Drug Problems, Anxiety and Stress.

Anxiety and stress can create an imbalance leaving us vulnerable to alcohol and other drug problems, relapse and recidivism.

As you probably know, relapse is returning to thinking about or to using drugs of choice. Irrational thinking goes with substance use disorder.

The substances could be alcohol, other drugs or even food. Food is a substance.

Thinking that you can go back to binging, using or committing crime to feel better (self-medicate) is a classic example of the irrational thinking that goes with these challenges.

Irrational thinking goes with depression and other mental health issues such as ADD, Attention Deficit Disorder. It can cause us to feel frustrated, angry, anxious, etc.

The thoughts seem to be true and real at time. They are justified. Justification, mollifying, etc., are characteristics of what is going on with the person. They are the ‘tip of the iceberg’ so to speak.

Taking Control.

The key is to understand that this happens and your brain is playing tricks on you. Nobody is broken as I’ve pointed out earlier. It’s just a matter of finding how they work and knowing there is a better way to react. So, when we notice that we don’t feel good or right about a person, place or thing we can be on guard to the fact that it is time to use a coping skill.

Information sources.

As I’ve mentioned before, “Catch it. Check it. Change it” is a great tool to have at your disposal. Imagery too is a great way to feel better – some say – in an instant. psychologytools.com is the source of the check it piece.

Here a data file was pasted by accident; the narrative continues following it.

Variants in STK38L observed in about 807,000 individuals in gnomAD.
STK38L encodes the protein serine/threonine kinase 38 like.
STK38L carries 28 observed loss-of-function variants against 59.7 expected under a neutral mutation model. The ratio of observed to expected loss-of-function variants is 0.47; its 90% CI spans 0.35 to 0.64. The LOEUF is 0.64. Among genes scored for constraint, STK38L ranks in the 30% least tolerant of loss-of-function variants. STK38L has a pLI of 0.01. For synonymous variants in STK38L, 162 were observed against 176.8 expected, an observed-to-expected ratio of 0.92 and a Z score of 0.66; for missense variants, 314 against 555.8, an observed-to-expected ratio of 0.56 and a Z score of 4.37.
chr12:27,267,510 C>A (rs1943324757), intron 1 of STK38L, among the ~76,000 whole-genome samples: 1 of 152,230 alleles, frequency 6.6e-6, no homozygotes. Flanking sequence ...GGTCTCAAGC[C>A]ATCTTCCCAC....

If you’d like more information about imagery helping you, call me at 808 385 4550. We can do an exercise on the phone. It’s also available in the Catalog section of my site – Criminal Justice and Addictions Counseling.

Judith S. Beck has a whole chapter of her book dedicated to Imagery. The book is called Cognitive Behavior Theory.

Catch the problem, check and change it. When you change it, make a picture of a very satisfying situation about 10 feet in front of you. The way you see a happy, ideal outcome. It is a picture of a positive person, place or thing that makes you feel great – in charge.

Next, if it feels good to you, make it a little bigger, a little brighter and move it slowly closer to you. Experiment with that. You can try black and white vs in full rich color.

If it’s color that does it for you, experiment with different colors. Again, a little bigger, a little brighter, a little closer. Lock in that skill and you can turn a sad situation into a happy one – any time.

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